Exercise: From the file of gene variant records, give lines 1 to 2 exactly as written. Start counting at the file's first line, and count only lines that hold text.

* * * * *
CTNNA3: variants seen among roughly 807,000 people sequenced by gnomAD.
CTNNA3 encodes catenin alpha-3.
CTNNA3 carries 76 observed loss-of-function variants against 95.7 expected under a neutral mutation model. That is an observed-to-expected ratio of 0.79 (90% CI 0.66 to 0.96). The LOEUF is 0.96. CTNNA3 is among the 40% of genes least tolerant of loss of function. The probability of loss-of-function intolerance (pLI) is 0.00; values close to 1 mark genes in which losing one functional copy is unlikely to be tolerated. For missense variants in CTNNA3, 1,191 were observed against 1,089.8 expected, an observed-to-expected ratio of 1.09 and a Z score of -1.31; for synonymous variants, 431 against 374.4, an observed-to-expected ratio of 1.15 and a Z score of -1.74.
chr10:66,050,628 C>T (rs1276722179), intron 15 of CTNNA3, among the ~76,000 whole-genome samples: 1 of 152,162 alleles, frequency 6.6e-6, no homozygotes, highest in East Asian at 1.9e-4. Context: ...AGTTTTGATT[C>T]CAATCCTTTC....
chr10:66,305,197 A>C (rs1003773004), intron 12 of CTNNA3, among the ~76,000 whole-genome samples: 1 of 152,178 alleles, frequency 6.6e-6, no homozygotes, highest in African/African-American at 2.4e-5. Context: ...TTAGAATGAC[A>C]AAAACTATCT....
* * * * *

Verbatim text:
CTNNA3: variants seen among roughly 807,000 people sequenced by gnomAD.
CTNNA3 encodes catenin alpha-3.